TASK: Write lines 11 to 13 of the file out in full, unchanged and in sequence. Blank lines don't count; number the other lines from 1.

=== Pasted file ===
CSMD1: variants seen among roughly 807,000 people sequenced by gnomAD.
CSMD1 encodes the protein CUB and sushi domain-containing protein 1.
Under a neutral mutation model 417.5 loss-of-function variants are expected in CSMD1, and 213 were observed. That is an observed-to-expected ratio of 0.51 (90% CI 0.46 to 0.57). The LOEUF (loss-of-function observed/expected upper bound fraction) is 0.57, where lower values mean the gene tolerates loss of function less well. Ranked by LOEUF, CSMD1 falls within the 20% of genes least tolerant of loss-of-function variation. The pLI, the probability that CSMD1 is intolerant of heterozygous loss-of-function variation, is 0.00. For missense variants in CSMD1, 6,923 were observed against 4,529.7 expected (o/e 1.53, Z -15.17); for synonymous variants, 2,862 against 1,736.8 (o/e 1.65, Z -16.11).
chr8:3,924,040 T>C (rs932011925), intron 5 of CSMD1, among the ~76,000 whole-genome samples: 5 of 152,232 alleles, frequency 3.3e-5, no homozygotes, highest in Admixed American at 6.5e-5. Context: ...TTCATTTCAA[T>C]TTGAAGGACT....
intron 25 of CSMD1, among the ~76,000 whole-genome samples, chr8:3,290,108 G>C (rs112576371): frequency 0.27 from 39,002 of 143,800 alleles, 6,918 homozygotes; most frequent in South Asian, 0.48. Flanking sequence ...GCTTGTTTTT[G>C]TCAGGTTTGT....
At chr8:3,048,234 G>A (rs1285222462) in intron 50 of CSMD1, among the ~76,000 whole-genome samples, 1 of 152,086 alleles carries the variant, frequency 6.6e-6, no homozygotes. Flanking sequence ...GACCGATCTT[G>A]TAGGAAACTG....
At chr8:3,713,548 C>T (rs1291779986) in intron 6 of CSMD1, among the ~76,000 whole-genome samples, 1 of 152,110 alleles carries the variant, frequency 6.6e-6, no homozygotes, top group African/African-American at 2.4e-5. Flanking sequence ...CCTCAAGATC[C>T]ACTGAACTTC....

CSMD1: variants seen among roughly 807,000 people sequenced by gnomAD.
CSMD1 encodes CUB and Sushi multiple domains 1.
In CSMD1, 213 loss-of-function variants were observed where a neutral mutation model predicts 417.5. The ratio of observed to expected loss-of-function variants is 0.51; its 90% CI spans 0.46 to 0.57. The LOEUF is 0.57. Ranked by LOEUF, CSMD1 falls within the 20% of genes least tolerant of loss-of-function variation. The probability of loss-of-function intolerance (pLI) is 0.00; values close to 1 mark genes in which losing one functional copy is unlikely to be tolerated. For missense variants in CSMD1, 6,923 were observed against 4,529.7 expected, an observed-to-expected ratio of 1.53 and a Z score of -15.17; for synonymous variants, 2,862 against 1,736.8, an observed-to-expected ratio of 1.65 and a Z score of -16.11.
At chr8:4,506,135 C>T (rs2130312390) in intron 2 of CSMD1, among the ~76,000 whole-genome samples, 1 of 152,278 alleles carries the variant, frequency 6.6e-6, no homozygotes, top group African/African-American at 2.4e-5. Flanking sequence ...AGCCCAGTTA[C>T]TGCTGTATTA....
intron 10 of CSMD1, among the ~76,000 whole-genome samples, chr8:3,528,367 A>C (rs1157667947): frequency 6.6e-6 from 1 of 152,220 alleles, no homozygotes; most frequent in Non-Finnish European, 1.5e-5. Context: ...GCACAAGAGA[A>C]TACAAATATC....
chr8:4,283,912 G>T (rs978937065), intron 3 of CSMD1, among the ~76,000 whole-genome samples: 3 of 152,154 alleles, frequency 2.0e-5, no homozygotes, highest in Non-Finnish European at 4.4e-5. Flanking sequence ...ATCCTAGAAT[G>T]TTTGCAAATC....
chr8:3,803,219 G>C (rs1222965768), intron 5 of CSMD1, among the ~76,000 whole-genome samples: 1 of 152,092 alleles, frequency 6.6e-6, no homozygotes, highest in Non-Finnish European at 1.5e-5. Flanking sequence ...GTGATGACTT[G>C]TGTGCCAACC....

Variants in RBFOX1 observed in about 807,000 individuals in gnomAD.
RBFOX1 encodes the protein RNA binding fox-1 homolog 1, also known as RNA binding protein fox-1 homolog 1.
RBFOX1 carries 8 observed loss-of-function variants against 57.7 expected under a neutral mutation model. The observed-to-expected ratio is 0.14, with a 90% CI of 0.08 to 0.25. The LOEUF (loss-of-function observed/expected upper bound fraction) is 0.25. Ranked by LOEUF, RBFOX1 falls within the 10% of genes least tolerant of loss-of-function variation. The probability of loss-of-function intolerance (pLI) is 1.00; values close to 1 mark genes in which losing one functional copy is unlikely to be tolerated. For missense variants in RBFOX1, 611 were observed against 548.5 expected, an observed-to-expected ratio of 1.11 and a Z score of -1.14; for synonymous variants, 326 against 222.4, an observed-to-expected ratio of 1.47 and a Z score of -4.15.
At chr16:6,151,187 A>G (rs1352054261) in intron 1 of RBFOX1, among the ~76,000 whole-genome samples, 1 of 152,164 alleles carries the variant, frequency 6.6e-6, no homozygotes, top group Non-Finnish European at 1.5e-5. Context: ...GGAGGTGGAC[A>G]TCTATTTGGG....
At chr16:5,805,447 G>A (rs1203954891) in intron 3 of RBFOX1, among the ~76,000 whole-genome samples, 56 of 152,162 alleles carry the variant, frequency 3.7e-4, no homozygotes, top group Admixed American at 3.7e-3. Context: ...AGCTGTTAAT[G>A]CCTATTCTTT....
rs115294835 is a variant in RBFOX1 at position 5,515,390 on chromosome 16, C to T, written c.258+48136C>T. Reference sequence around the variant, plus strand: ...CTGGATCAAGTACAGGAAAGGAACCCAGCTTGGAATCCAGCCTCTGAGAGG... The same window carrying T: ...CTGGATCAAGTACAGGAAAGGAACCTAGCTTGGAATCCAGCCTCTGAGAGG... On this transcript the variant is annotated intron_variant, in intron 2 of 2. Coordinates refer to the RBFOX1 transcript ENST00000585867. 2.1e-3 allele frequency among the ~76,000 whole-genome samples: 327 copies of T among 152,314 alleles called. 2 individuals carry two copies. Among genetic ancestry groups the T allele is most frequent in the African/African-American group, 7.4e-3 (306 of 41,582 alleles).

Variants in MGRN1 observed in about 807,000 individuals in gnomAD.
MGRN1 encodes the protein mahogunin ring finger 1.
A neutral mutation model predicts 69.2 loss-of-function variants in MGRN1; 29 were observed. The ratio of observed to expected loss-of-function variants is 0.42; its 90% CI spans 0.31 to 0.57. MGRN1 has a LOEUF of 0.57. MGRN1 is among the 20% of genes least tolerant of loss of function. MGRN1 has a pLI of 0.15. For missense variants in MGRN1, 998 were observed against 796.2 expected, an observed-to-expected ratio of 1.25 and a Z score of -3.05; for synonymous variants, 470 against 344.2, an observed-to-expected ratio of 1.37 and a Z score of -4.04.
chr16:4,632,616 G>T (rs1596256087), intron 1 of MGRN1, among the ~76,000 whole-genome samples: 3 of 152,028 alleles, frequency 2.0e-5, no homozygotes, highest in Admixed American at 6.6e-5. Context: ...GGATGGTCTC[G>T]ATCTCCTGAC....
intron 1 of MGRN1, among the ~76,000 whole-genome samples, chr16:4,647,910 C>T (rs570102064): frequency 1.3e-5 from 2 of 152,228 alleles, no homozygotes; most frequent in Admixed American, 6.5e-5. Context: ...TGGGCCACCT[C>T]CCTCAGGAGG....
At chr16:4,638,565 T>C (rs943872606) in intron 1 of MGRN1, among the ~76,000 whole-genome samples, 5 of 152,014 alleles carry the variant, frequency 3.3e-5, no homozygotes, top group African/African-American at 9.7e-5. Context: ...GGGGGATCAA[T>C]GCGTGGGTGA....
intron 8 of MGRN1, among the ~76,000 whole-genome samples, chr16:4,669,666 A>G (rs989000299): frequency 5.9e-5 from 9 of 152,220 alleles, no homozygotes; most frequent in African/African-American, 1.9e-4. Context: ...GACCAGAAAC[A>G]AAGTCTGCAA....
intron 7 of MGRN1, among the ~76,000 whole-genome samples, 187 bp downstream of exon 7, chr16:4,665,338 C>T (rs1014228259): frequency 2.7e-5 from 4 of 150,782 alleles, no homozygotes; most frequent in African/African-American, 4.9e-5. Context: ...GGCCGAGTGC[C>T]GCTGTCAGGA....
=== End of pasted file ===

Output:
At chr8:4,506,135 C>T (rs2130312390) in intron 2 of CSMD1, among the ~76,000 whole-genome samples, 1 of 152,278 alleles carries the variant, frequency 6.6e-6, no homozygotes, top group African/African-American at 2.4e-5. Flanking sequence ...AGCCCAGTTA[C>T]TGCTGTATTA....
intron 10 of CSMD1, among the ~76,000 whole-genome samples, chr8:3,528,367 A>C (rs1157667947): frequency 6.6e-6 from 1 of 152,220 alleles, no homozygotes; most frequent in Non-Finnish European, 1.5e-5. Context: ...GCACAAGAGA[A>C]TACAAATATC....
chr8:4,283,912 G>T (rs978937065), intron 3 of CSMD1, among the ~76,000 whole-genome samples: 3 of 152,154 alleles, frequency 2.0e-5, no homozygotes, highest in Non-Finnish European at 4.4e-5. Flanking sequence ...ATCCTAGAAT[G>T]TTTGCAAATC....